Campbell: "I thought it was incredible. I really enjoyed my time playing with the band. I was very sorry to be fired. I have no issues whatsoever on the musical level with Dio. I had some personal issues between Ronnie and his wife in terms of how they managed the business and in terms of how they treated people, but I absolutely loved the musical aspect. I enjoyed playing with Jimmy, Ronnie and Vinny. I thought it was a fucking amazing band.” Dio never seemed to be able to recapture the chemistry you had after you left the band. What was it about the four original guys that just made it such a tight unit?

Campbell: "Obviously, musically we work well together and maybe it was because there was so much tension in the band that it made us sound so good.” Would you work with Vinny again if the chance came up?

Campbell: "ABSOLUTELY! Vinny Appice is one of the greatest drummers I’ve ever played with. He’s certainly the most unique drummer I’ve ever played with. No one plays like Vinny and I’ve said before that of all the songs I wrote with Dio, when I had an idea for a riff and would go into a rehearsal room, it would usually start with Jimmy Bain, Vinny and myself. The three of us would bang out a riff idea and Vinny would always play the beat totally inverted to how I heard it. If I had an idea for a guitar riff and I heard the snare to be in one place and the kick to be in another, Vinny would always put them in the wrong place and that was the charm of it. He added his own unique beat to it that was very unexpected even to those who were writing it. I have nothing, but good things to say about Vinny.” As for the future of Thin Lizzy, you mentioned that you would like to record a new album with them. Have you thought of any songs ideas?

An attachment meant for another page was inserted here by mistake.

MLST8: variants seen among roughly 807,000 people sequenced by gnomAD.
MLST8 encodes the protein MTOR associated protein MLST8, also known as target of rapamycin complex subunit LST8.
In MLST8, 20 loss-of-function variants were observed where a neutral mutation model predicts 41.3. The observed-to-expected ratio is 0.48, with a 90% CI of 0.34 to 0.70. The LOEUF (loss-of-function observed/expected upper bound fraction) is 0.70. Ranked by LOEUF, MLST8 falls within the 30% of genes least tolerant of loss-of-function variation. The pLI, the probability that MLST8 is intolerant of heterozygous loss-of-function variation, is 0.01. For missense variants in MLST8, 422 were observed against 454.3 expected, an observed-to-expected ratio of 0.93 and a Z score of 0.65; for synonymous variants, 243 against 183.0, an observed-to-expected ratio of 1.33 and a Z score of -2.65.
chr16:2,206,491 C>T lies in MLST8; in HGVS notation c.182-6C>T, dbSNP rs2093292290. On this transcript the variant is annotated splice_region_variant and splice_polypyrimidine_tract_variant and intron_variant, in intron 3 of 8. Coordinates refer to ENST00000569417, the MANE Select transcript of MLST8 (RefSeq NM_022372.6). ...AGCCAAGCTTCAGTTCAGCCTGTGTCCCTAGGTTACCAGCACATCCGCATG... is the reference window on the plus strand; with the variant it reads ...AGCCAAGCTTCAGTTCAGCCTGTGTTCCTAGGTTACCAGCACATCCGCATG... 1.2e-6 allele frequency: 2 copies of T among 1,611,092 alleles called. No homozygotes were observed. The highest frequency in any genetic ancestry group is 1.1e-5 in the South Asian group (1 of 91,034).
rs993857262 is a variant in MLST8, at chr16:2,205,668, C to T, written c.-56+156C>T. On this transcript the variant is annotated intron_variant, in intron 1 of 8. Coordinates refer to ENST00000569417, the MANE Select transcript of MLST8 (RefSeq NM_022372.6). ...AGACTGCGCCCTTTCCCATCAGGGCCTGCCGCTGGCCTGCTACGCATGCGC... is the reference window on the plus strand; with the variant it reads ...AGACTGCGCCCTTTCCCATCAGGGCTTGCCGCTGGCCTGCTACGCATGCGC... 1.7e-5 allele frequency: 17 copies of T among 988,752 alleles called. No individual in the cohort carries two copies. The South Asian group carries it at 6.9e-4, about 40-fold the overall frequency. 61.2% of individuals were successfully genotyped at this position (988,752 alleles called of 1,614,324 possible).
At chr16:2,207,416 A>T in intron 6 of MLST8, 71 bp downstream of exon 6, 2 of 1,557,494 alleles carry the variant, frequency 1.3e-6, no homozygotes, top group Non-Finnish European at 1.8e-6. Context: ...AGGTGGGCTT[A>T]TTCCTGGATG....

Campbell: "No, that’s way off from here. Right now, we’re just trying to work out the schedule to see if we can keep the touring entity going. It has been discussed, but we’ll see. That’s way down the road yet.” It’s been about five years since your last solo album. Have you thought about making another one?